I’m a fan of high-minded analysis of low culture. Chuck Klosterman’s early work comes to mind. Or maybe Overthinking It. So for me, it’s a lot of fun to read an English professor’s defense of contemporary heavy metal. And Michael Robbins knows his metal. He name-checks Voivod, Immortal, Ghost, Wolves in the Throne Room, and many other luminaries of the scene while pointing out that, while metal “can’t take itself too seriously,” the rest of us should give it its due. His comedy chops are on display here too. To wit:
“Doom metal is low and slow … and mainly concerns the relationship between despair and marijuana.”
Robbins’ acerbic sense of humor is on display throughout Equipment for Living. The book is relentlessly funny. What’s funny about the book, though, is that Dylan Thomas gets the same treatment, and this unity of perspective persists regardless of the “seriousness” of the subject at hand. And what’s not to love about a book that references Boethius, Nietzsche, Whitman, Almost Famous, Springsteen, and Miley Cyrus all on the same page, or nearly so?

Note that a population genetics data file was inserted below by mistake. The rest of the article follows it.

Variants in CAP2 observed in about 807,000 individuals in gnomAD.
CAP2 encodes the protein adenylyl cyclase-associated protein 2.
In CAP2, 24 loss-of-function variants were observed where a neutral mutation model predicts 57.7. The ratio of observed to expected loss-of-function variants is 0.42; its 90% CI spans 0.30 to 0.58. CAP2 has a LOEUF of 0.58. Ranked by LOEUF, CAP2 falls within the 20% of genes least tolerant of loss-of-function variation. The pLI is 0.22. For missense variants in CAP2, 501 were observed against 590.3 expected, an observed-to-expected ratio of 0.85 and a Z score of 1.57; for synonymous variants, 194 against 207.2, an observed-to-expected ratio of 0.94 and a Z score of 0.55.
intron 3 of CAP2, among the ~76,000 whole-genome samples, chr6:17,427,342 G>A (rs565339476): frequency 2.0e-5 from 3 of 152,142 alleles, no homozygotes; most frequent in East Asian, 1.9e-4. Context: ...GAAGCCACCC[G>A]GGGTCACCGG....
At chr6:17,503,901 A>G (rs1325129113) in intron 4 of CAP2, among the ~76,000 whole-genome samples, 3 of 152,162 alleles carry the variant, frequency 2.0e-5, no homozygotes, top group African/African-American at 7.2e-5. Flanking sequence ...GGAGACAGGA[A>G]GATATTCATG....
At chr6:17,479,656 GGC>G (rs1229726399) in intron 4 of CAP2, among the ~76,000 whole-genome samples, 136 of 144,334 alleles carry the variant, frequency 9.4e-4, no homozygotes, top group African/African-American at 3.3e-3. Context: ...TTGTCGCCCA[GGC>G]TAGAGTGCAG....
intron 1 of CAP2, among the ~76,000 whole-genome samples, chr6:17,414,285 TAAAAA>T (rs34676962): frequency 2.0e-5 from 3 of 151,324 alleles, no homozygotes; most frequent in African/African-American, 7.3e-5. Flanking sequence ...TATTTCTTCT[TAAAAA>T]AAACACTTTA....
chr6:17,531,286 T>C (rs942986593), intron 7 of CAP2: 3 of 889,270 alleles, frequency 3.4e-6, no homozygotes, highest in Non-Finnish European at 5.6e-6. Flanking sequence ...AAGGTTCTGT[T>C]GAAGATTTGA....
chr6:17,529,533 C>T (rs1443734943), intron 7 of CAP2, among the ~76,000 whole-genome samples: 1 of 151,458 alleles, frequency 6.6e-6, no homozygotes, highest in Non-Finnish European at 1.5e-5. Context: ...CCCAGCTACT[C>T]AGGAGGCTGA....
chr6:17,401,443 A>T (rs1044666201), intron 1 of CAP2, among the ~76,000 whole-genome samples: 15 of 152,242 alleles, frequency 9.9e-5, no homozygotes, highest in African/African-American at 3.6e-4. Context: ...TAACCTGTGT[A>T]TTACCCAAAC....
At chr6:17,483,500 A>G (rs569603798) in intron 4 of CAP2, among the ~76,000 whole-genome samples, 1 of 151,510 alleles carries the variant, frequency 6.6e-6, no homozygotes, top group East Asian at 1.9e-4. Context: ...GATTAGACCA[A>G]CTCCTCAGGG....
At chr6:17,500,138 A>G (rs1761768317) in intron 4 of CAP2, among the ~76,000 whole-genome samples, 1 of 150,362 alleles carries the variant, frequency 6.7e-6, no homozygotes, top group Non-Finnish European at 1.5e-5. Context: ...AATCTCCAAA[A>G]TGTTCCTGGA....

Alas, there is a ponderous theme threading together what otherwise might come off as a collection of disconnected essays. It’s something along the lines of whether art is only meaningful in the face of pain and bewilderment and whether we have the courage to face the fact that all of it might just be “are a meager response to a scurvy and disastrous world.” I think Robbins means to say that the human condition is an uphill battle but, ya know, let’s keep fighting! And for all his sarcasm and snide dismissiveness, this is, indeed, a noble sentiment.